I'm trying to follow This tutorial for a portal mask shader. It's an awesome effect but it comes with a couple of caveats. The shader as he designs it can only exist in a bubble, as:

  1. The portal is visible through other objects (this I solved by finagling the queue order): Spherical portal visible through pillar

  2. The illusion the portal creates of another space within is broken as soon as you enter: Portal vanishes as player steps into it

As loading can't be perfectly instantaneous, this means when a player enters the portal, there will be a brief moment in which they are right back outside it, which I feel ruins immersion.

In order to compensate for this, I figured I would try to extrude the edges of the mask geometry, which works for the inside of the portal..

View inside mouth of portal

..but introduces the new problem of the front faces of the inside of the object being visible:

Portal interior visible from behind/beside

So what I'm hoping to achieve is a shader which:

  • Occludes the PortalMask shader/object from the outside only
  • Does not occlude other environment objects
  • Is not itself visible

Am I asking the impossible?

  • 2
    \$\begingroup\$ "As loading can't be perfectly instantaneous" the fix here is to have the load already completed, so when the player moves through the portal you just teleport them to the already-loaded alt scene, rather than starting the loading a frame too late. Transition effects can help too. Also, have you considered toggling between two portal visuals (a flat one used by default, and the extruded one used only when the camera enters the portal volume through its aperture)? This is likely to be easier to manage and more robust than trying to selectively clip the extruded one from certain viewpoints. \$\endgroup\$
    – DMGregory
    Commented Jul 2, 2023 at 17:03
  • 2
    \$\begingroup\$ Also, +1 for an extremely well-illustrated question. 😁 \$\endgroup\$
    – DMGregory
    Commented Jul 2, 2023 at 17:59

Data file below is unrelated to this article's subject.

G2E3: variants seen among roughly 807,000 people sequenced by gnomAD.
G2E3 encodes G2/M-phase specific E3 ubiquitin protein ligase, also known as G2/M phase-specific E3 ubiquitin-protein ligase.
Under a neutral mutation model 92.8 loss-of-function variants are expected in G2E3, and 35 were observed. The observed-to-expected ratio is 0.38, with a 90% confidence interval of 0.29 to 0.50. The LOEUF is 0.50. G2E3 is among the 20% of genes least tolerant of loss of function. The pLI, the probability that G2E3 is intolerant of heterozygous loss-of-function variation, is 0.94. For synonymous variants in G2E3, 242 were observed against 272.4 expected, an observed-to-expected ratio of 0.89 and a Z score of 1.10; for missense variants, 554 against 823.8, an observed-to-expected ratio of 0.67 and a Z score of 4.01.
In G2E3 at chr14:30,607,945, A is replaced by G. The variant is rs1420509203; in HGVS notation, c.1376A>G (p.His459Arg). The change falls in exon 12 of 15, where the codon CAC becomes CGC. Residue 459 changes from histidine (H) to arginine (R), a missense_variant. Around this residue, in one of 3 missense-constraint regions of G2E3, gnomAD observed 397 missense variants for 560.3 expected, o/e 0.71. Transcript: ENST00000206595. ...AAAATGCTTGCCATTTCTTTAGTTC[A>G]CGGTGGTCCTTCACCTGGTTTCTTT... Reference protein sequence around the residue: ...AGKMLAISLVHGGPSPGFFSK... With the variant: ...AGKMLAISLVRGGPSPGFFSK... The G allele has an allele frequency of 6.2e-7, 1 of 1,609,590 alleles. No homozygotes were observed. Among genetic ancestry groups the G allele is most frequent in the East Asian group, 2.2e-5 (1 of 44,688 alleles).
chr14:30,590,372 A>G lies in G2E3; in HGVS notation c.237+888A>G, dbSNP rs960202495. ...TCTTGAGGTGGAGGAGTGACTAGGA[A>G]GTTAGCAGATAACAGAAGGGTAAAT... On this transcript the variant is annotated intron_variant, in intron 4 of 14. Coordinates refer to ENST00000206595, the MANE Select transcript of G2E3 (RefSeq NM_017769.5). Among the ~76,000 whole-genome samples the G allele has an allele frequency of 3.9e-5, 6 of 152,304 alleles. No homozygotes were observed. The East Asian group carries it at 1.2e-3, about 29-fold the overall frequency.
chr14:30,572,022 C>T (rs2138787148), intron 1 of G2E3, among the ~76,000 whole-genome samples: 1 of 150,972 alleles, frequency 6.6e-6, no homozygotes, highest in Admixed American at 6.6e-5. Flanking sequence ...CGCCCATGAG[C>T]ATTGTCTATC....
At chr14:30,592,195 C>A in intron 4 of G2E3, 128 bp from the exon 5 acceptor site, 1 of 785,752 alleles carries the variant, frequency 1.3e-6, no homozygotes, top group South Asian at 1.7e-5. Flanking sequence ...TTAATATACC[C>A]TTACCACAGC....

• \$\begingroup\$ You have a point; I was actually thinking it might be far more simple to just either disable the geometry via script until the player collides with the object like you said or freeze the player character at the collider so they can't ever see anything more than the inside of the portal. I should have mentioned this is for Quest, though, so pre-loading a scene would be too much a burden on the hardware. Thank you for the suggestions! I'll test these out~ \$\endgroup\$
    – ninthtale
    Commented Jul 3, 2023 at 15:01
  • \$\begingroup\$ The scene you pre-load does not have to be the whole destination scene. It can be a transition corridor just big enough to hold the player while you unload the old scene and bring in the new. \$\endgroup\$
    – DMGregory
    Commented Jul 3, 2023 at 15:24

1 Answer 1


A simple trick for this is to add a second shader pass, or second material that renders before the main one.

Switch the culling mode to cull front faces and draw back faces instead. Write to the depth buffer but leave the colour buffer unchanged.

This puts an invisible occluder in front of the front faces when viewed from the side, so they don't draw through it.

The downside with this is that it will also include any transparent effects drawn after the portal, like particles. It also only works from outside the portal volume. Inside, you'll see the front faces unoccluded, even if you walked in from the side rather than through the aperture.

I think a better solution is to keep the portal flat. Make a corridor out in empty space with your portal interior effect. As soon as the camera position crosses the portal, teleport the player into the corresponding position in the corridor, so that the player doesn't see any visible cut. (You can have an imposter of the room they just left in case they turn around, obscured by magical portal effects to disguise artifacts)


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